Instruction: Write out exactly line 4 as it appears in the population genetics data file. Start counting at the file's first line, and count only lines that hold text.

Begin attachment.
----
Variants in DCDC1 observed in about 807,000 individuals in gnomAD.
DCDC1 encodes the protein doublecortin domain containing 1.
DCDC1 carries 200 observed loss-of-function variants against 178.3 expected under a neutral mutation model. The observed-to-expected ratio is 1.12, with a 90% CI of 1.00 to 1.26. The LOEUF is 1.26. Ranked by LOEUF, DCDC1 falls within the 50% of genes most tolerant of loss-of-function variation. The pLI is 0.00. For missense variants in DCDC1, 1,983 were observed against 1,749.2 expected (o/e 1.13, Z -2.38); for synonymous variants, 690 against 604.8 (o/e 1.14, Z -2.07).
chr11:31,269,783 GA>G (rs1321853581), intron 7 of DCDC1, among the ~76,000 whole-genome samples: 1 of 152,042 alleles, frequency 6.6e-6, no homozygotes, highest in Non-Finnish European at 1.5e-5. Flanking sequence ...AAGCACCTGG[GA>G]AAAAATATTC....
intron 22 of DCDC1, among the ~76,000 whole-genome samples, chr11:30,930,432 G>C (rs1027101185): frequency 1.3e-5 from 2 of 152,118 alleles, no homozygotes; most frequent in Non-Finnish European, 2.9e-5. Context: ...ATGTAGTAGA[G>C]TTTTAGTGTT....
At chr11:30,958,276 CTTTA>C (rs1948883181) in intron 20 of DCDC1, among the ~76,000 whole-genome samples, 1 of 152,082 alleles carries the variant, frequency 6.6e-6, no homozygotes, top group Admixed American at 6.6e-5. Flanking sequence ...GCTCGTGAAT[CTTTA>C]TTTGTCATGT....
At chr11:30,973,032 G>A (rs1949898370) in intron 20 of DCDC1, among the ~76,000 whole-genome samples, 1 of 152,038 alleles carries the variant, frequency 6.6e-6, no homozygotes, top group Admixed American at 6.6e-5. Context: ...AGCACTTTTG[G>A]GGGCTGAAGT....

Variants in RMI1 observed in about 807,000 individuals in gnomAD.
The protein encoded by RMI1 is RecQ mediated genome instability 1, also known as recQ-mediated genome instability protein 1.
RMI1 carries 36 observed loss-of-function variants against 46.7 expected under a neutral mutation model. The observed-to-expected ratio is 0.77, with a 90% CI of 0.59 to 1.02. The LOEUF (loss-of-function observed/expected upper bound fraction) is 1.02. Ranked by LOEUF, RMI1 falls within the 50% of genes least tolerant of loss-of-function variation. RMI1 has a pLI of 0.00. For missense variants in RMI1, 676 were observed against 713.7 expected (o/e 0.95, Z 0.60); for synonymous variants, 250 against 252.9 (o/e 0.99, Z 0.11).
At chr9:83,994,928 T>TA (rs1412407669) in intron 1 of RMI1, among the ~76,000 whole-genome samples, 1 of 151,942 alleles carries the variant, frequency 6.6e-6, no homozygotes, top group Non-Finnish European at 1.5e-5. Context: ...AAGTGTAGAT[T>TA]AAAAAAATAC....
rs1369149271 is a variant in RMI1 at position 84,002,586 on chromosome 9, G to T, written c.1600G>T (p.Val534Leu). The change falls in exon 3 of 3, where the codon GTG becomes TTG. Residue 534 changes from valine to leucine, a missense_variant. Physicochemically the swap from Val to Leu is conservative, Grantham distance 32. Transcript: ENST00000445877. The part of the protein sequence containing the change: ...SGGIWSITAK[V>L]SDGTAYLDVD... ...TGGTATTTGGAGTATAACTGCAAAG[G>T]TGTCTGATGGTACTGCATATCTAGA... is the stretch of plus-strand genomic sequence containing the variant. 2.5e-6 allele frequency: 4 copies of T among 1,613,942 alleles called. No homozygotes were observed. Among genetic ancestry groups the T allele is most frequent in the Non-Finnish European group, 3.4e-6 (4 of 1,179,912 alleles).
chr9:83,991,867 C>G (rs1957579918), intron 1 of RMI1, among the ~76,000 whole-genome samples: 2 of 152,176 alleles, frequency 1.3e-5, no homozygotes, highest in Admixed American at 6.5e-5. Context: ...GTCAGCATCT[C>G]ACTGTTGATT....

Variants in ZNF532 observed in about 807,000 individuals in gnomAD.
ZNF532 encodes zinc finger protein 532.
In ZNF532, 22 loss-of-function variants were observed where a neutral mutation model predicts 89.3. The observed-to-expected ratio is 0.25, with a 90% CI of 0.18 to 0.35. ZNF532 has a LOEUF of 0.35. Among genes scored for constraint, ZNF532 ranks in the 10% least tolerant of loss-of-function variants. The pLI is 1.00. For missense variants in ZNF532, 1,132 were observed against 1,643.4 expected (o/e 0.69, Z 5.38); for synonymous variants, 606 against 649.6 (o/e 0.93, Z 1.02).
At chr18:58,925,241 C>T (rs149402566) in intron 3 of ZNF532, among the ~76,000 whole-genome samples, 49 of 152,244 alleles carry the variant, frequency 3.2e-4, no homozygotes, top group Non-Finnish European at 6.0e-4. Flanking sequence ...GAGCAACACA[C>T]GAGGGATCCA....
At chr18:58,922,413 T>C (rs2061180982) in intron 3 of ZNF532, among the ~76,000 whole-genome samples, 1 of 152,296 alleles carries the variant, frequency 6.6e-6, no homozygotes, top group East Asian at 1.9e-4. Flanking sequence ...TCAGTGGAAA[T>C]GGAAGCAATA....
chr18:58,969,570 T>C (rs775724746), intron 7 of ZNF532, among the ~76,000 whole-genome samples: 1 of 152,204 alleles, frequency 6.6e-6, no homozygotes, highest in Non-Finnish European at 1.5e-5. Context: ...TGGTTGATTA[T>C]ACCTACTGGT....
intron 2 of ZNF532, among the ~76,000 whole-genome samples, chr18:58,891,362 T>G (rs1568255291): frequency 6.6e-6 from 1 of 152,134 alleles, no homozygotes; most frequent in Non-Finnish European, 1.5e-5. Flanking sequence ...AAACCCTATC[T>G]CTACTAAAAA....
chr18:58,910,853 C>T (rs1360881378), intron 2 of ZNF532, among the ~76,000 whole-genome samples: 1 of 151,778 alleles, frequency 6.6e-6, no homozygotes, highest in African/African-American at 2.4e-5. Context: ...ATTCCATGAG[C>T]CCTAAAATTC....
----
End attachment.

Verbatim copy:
chr11:31,269,783 GA>G (rs1321853581), intron 7 of DCDC1, among the ~76,000 whole-genome samples: 1 of 152,042 alleles, frequency 6.6e-6, no homozygotes, highest in Non-Finnish European at 1.5e-5. Flanking sequence ...AAGCACCTGG[GA>G]AAAAATATTC....